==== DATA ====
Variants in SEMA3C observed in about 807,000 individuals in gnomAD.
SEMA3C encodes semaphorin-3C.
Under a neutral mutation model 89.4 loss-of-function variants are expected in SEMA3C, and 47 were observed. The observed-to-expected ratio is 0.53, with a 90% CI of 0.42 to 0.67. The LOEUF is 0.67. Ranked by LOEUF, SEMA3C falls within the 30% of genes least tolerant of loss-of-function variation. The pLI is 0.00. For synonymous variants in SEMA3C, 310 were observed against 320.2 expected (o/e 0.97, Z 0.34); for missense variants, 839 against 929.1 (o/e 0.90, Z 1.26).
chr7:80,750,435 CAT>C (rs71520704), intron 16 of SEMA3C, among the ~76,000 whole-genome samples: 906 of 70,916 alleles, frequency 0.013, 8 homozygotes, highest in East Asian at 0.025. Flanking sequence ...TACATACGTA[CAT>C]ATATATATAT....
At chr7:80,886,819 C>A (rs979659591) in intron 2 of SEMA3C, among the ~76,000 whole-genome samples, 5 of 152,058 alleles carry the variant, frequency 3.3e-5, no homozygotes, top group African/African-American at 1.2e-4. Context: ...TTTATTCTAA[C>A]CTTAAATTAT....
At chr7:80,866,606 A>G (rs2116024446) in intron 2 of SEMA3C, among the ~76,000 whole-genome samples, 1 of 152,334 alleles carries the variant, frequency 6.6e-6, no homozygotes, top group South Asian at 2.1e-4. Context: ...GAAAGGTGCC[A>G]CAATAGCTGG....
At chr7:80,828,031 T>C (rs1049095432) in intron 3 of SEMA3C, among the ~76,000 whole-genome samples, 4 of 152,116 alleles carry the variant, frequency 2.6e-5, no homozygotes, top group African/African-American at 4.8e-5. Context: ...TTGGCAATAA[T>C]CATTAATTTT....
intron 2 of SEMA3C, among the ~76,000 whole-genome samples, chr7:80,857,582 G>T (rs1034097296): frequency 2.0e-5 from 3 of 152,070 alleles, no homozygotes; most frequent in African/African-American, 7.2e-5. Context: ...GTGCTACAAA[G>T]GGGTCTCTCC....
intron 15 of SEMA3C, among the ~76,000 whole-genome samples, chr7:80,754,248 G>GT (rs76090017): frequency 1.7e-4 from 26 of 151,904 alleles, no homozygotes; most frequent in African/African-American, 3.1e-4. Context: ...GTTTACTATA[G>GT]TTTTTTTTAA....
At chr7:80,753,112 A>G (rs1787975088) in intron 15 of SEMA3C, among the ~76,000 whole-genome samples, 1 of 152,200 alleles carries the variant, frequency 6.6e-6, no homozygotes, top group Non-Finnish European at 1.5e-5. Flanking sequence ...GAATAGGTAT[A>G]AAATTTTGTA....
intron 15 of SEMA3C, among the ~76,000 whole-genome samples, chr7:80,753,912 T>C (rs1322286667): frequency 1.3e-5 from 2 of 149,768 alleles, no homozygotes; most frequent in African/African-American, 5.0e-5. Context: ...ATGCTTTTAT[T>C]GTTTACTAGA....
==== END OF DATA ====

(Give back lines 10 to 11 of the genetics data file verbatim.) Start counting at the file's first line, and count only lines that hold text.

At chr7:80,753,112 A>G (rs1787975088) in intron 15 of SEMA3C, among the ~76,000 whole-genome samples, 1 of 152,200 alleles carries the variant, frequency 6.6e-6, no homozygotes, top group Non-Finnish European at 1.5e-5. Flanking sequence ...GAATAGGTAT[A>G]AAATTTTGTA....
intron 15 of SEMA3C, among the ~76,000 whole-genome samples, chr7:80,753,912 T>C (rs1322286667): frequency 1.3e-5 from 2 of 149,768 alleles, no homozygotes; most frequent in African/African-American, 5.0e-5. Context: ...ATGCTTTTAT[T>C]GTTTACTAGA....